New 'fake' job revelations rock Fillon's presidential bid
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French presidential candidate François Fillon's wife was paid nearly a million euros for allegedly fake jobs, according to media reports that also say two of his chidren were paid from the public purse. Penelope Fillon had no security pass or email account at the National Assembly, despite being her husband's parliamentary assistant, it has emerged.
Penelope Fillon's employment as a parliamentary assistant and at the Revue des Deux Mondes magazine brought her a total of 900,000 euros, according to the Canard Enchaîné weekly.
The paper, which broke the story about her allegedly fake jobs that has rocked the former prime minister's presidential bid, has upped its estimate of her income from the parliamentary assistant's post from 500,000 euros to 831,440 euros.
She was also paid 100,000 euros by the Revue des Deux Mondes, which is owned by a family friend, without any literary output in her name having come to light.
No pass or email account
Investigators on Tuesday went to François Fillon's office in the National Assembly to search for evidence that Penelope Fillon had actually done any work.
They found that she had no security pass and no email account there, according to Le Parisien newspaper.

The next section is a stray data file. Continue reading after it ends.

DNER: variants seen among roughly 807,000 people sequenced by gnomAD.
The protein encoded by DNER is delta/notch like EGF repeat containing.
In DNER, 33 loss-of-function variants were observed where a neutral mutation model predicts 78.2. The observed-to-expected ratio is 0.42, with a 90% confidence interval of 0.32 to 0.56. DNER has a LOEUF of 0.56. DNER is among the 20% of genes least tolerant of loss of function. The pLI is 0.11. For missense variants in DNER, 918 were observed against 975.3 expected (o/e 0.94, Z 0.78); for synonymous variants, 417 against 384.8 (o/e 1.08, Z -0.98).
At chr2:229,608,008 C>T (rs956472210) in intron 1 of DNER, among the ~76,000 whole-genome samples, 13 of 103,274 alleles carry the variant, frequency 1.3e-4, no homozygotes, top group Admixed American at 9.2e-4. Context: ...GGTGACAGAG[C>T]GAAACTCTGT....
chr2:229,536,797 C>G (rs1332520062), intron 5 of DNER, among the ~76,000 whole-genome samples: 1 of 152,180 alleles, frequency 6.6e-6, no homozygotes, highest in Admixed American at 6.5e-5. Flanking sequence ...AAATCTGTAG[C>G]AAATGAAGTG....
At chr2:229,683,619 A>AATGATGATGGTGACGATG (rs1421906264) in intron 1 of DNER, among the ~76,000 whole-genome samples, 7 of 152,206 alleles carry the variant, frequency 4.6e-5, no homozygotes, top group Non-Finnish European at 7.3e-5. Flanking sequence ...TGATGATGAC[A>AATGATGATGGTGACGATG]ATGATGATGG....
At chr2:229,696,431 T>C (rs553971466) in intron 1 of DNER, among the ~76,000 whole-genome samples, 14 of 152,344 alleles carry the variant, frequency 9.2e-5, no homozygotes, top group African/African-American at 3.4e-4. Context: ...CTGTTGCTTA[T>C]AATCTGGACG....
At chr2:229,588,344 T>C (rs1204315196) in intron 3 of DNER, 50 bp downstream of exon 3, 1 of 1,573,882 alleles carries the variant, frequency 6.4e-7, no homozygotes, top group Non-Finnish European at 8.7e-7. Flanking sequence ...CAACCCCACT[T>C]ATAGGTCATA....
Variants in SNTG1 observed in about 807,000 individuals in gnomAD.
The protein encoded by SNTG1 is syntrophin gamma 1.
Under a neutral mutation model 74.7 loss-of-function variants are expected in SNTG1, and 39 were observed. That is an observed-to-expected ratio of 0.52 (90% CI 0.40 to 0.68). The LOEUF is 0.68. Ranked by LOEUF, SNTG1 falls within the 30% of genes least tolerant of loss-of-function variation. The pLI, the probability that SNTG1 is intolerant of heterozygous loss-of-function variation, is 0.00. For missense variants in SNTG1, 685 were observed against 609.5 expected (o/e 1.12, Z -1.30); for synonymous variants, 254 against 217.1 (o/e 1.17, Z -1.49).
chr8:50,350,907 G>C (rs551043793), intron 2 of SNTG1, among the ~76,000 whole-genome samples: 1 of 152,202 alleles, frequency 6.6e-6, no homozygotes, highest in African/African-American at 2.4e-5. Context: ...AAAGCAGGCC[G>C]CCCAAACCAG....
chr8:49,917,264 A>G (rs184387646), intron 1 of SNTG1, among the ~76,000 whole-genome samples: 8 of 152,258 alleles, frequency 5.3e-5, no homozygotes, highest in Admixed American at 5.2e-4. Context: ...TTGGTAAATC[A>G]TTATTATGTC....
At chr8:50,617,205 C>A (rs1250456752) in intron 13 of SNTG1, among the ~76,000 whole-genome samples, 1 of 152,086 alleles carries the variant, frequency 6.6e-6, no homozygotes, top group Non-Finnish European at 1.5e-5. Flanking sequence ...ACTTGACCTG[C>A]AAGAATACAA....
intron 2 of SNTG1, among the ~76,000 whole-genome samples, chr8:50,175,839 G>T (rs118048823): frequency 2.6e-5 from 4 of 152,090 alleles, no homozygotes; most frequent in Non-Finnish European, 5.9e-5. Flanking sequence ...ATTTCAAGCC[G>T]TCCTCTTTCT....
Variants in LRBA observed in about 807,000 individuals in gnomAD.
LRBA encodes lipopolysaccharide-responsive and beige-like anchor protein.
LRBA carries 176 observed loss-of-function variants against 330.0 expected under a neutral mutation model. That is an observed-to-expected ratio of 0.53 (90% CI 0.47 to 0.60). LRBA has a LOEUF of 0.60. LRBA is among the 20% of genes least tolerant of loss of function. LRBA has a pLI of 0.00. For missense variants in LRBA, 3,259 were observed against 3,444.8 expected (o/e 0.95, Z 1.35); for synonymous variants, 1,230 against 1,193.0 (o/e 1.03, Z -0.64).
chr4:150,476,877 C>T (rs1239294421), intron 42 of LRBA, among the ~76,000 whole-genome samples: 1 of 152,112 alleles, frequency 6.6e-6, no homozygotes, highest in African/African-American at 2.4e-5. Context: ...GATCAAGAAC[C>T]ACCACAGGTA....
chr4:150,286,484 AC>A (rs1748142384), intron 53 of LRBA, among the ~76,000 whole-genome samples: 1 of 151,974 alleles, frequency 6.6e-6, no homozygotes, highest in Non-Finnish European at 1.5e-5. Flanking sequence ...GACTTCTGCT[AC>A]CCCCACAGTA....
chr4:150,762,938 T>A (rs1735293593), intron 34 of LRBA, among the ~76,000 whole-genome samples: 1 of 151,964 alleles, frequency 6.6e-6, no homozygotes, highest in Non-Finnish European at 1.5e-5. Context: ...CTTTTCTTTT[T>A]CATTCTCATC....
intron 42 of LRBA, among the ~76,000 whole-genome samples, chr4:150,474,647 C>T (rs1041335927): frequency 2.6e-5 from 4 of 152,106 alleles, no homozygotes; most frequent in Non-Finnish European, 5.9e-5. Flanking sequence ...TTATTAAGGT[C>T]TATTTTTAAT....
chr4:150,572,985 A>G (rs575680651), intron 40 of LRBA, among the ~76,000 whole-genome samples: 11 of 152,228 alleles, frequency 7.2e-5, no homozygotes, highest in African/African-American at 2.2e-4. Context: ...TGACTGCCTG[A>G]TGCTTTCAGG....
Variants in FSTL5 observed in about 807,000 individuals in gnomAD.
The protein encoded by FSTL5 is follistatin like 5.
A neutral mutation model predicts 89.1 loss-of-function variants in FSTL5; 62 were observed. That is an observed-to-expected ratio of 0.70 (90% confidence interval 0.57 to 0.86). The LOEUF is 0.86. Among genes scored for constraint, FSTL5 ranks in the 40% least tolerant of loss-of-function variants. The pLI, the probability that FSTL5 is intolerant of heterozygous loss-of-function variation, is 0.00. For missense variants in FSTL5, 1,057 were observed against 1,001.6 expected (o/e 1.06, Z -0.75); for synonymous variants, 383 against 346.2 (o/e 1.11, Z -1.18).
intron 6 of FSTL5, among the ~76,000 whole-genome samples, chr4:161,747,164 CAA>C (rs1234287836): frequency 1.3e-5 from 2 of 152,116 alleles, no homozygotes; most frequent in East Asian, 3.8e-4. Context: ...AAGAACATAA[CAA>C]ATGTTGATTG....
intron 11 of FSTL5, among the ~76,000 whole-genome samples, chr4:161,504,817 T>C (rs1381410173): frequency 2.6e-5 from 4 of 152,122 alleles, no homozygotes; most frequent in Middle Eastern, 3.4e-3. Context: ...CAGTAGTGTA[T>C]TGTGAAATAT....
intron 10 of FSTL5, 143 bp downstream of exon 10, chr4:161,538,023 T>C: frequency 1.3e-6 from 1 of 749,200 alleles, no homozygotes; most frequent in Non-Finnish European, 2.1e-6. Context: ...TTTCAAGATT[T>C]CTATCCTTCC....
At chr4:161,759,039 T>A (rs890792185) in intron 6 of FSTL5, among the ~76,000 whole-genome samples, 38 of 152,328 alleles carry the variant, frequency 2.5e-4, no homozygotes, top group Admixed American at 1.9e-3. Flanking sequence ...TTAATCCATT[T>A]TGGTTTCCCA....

The couple's lawyer, Antonin Lévy, confirmed that this was true but said it was unimportant.
Many parliamentary assistants who work in the MP's constituency do not have passes, he told the paper, and they often use the email account of the MP they work for.
If Mme Fillon did work in the constituency, it was from home, however, since it has emerged that Fillon had no office there.
The inquiry is looking into her work as an assistant to her husband and then his alternate, Marc Joulaud, in 1998-2007 and then for her husband again in 2012-2013.
More family on public pay roll
And, when Fillon went on to be a senator, in 2005-2007, he employed two of his children as assistants, according to the Canard Enchaîné.
The couple, who may face charges of embezzlement of public funds, misappropriation of corporate assets and receiving stolen goods, were questioned by investigators at their own request on Monday.
They said in a statement that they had "provided useful elements for the establishment of the truth".
Fillon was selected as the mainstream right's presidential candidate in a primary last month but the revelations have plunged his campaign into crisis.